Mt. Joy (North Davenport) Industrial Fire

February 20, 2001

FIRE CAPTURED ON RADAR

DAVENPORT, IOWA -- A fire started at a large industrial building in Mt. Joy--or Davenport's North side--on February 20, 2001, around 7am CST. This building was formerly home to a Caterpillar, Inc., production facility. Presently, the building houses various businesses and a fast food establishment.

During the fire, the smoke plume was visible for up to 20-30 miles from its source. For example, phone reports to the NWS indicated the smoke plume was visible from the Maquoketa, Iowa, area. Northwest winds carried the plume towards the southeast--over eastern Davenport, western Bettendorf, and parts of Rock Island and Moline. The smoke plume was rather pronounced, especially close to its source.

 

Radar Images and Pictures

Click on each image below for a larger picture. These images are provided by the NWS offices in the Quad Cities and Des Moines.

NWS Quad Cities Doppler Radar, Feb 20 2001, 1049am CST. Radar is in clear air mode. Color scale is at middle right. Map shows county boundaries and many towns. Image from NWS Quad Cities.

NWS Quad Cities Doppler Radar, Feb 20 2001, 1059am CST. Radar is in clear air mode. Color scale is at middle right. Map shows county boundaries and many towns. Image from NWS Quad Cities.

NWS Quad Cities Doppler Radar, Feb 20 2001, 1008am CST. Radar is in clear air mode. Color scale is at upper left. Map shows county boundaries and many major roads. Image courtesy of NWS Des Moines, Iowa.

NWS Quad Cities Doppler Radar, Feb 20 2001, 1109am CST. Radar is in clear air mode. Color scale is at upper left. Map shows county boundaries and many major roads. Image courtesy of NWS Des Moines, Iowa.

Smoke plume around 730am CDT. View is towards the northeast, from the NWS Quad Cities office parking lot. NWS Quad Cities photo.

Smoke plume around 1015am CST. View is towards the northeast, from the NWS Quad Cities office grounds. NWS Quad Cities photo.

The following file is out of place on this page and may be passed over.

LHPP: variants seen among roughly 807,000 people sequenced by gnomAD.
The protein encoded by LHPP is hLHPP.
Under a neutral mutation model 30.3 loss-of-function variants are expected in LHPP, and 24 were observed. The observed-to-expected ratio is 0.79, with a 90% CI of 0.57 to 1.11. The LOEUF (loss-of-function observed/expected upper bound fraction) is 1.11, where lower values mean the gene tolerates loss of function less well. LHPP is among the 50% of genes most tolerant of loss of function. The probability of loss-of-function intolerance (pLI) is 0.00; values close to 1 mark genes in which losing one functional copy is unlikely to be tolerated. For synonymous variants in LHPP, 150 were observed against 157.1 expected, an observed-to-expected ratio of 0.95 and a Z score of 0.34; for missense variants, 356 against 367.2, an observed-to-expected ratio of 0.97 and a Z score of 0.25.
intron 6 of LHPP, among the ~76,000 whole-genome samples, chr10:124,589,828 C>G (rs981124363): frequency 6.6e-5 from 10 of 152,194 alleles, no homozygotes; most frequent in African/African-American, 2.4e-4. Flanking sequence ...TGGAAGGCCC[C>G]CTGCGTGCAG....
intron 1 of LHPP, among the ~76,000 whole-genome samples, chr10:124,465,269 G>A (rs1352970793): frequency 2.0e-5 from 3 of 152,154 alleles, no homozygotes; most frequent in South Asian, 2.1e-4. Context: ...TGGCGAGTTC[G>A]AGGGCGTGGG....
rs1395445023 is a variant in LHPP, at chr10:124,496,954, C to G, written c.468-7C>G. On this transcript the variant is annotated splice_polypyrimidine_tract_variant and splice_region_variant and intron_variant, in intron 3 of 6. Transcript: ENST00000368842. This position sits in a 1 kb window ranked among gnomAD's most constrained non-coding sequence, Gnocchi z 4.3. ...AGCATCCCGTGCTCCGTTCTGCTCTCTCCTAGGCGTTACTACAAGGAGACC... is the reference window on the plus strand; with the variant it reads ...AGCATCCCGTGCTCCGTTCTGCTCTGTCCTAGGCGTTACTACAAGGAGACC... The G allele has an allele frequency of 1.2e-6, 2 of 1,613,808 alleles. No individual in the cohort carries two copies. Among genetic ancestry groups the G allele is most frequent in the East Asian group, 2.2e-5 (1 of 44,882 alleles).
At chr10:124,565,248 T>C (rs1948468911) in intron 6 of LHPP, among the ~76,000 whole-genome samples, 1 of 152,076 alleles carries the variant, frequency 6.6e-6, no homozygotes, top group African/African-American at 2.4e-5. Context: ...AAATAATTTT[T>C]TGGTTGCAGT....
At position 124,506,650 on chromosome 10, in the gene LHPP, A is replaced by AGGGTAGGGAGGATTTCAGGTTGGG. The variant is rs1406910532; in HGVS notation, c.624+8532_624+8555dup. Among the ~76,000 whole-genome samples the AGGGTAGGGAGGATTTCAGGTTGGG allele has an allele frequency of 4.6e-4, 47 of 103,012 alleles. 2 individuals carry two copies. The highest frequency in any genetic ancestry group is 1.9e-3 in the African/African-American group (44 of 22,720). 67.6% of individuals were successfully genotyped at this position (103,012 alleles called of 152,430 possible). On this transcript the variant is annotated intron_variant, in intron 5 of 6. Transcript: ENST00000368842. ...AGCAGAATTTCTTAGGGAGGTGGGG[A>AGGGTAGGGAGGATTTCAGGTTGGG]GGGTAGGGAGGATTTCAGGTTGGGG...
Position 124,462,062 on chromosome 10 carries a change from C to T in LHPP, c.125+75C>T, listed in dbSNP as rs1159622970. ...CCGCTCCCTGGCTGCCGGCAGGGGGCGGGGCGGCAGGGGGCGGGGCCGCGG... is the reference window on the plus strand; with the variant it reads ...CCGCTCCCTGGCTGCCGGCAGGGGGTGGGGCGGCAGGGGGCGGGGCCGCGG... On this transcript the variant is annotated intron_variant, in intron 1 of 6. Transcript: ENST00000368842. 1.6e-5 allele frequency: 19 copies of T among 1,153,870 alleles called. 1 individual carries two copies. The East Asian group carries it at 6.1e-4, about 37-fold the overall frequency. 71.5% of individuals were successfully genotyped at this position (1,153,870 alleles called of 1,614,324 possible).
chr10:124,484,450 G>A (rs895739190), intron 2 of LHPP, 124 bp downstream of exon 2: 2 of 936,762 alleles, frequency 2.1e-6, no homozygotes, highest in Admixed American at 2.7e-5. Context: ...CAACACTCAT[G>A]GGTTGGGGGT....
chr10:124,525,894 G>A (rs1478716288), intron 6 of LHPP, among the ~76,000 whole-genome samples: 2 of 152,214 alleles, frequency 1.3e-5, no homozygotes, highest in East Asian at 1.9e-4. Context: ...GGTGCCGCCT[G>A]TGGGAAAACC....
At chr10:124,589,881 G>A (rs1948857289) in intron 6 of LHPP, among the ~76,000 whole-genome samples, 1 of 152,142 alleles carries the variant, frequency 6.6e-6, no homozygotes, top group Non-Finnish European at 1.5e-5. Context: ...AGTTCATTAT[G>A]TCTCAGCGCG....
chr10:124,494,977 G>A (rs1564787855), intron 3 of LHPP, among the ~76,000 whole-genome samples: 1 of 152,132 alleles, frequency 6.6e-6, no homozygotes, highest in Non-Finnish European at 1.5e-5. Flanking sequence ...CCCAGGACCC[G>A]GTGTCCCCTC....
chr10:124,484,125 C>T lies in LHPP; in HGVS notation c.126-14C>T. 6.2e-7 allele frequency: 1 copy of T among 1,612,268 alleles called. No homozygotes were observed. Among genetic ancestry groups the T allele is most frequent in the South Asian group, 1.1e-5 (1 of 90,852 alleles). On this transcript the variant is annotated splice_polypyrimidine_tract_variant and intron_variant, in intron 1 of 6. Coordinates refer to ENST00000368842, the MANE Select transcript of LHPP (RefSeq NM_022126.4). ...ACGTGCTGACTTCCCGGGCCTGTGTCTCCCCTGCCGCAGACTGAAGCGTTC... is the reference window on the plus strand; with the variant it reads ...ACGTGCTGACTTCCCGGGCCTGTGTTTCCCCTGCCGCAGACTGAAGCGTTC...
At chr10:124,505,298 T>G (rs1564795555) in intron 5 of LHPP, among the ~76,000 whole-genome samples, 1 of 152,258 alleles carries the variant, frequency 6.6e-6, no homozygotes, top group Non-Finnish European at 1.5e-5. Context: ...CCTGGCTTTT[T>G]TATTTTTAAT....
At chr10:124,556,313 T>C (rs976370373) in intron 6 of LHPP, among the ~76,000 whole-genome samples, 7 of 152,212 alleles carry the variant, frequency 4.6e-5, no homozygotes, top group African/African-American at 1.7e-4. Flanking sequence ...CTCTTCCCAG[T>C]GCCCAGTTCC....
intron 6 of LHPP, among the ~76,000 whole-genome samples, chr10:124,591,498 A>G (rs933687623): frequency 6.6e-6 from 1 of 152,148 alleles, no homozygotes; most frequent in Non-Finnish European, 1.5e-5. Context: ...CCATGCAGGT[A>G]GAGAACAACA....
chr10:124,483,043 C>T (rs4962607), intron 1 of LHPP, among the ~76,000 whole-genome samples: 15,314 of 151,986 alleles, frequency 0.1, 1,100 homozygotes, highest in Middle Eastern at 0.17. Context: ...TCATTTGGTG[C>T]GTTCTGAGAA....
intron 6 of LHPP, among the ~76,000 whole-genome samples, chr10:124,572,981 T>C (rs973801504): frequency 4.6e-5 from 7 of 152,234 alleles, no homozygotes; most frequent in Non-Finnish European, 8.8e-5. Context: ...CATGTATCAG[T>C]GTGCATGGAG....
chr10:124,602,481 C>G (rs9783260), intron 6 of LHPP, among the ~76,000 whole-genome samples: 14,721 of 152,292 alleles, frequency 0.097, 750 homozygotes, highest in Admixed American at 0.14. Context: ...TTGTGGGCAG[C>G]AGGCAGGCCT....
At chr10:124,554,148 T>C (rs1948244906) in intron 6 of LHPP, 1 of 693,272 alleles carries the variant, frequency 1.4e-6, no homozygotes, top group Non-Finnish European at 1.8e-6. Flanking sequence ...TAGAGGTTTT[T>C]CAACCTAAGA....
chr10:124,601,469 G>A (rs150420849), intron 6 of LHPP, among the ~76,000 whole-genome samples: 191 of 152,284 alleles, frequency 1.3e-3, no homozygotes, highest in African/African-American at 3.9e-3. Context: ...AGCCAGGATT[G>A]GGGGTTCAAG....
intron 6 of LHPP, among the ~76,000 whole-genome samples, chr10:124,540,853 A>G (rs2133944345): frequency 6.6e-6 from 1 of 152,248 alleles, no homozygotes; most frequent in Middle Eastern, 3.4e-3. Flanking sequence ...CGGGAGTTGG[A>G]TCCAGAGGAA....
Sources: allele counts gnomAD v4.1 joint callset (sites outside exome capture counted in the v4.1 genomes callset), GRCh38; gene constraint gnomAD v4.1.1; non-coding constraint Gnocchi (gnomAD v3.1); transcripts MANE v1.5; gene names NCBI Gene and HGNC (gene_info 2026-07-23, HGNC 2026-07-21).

Smoke plume around 1015am CDT. View is towards the northeast, from the NWS Quad Cities office grounds. (NWS Quad Cities office building is in the picture's middle left.) NWS Quad Cities photo

Smoke plume around 1015am CDT. View is towards the east, from the NWS Quad Cities office parking lot. (NWS Quad Cities Doppler Radar tower is in the picture's center.) NWS Quad Cities photo.

 

Upper Air Graphics

Atmospheric conditions are among the major factors in determining a smoke plume's height, horizontal extent, and dispersion. Upper air soundings are useful tools to help determine atmospheric conditions.

Upper air sounding plots show a vertical cross-section of atmospheric conditions at approximately a given time (in this case, around 6am CST on Feb 20 2000). Sounding plots normally include temperature, dew point, and wind direction and speed information. These plots help show how temperature, moisture, and wind conditions change with height. The temperature line is normally to the right of (or on) the dew point line, as temperature is normally greater than (or equal to) the dew point.

The vertical scale's units normally appear in atmospheric pressure units (e.g., millibars (or mb)). Whereas elevation increases with height, atmospheric pressure decreases with height.

Below are two images derived from an upper air sounding taken at the NWS Quad Cities office in Davenport on Feb 20 2000, around 6am CST. (The Quad Cities NWS office normally makes two upper soundings per day.) Both images include temperature, dew point, and wind information. The image on the right also includes the corresponding absolute height (in meters above sea level) occurring with the given pressure level. To convert from meters to feet, multiply by 3.28. Then subtract 751 feet from these heights (i.e., the elevation of the NWS Quad Cities office above sea level) to find the height above ground level.

See additional information immediately following these two images and their captions.

 

NWS Quad Cities Davenport, Iowa, Upper Air Sounding, Feb 20 2001, 6am CST. Image from UCAR.

NWS Quad Cities Davenport, Iowa, Upper Air Sounding, Feb 20 2001, 6am CST. Image from the University of Wyoming.

Temperature normally decreases with height. When temperature increases with height, an inversion occurs. Then, the point at which the temperature begins decreasing with height marks the top of the inversion. On the above upper air sounding plots, the temperature increases with height beginning from the lowest level and continuing to around 900 millibars (mb). Since the temperature begins decreasing with height above 900 mb, this particular height marks the top of this inversion. The image on the right indicates that 900 mb corresponds to a height of around 1,010 meters. Using the instructions above the images, this height corresponds to a height of around 2,560 feet above ground level at the NWS Quad Cities office.

Inversions are important because they can help indicate the height at which the smoke plume will transition from rising to spreading horizontally. Thus, the upper air sounding indicates this particular smoke reached a height of around 2,560 feet before it began spreading horizontally.

Normally, the heating of the day heats the atmosphere's lower levels more than higher levels, thus helping lift, weaken, or dissipate the inversion. In this particular case, the inversion lifted before it dissipated. The smoke plume reflected these changes by first lifting its base, then mixing more with air above it.


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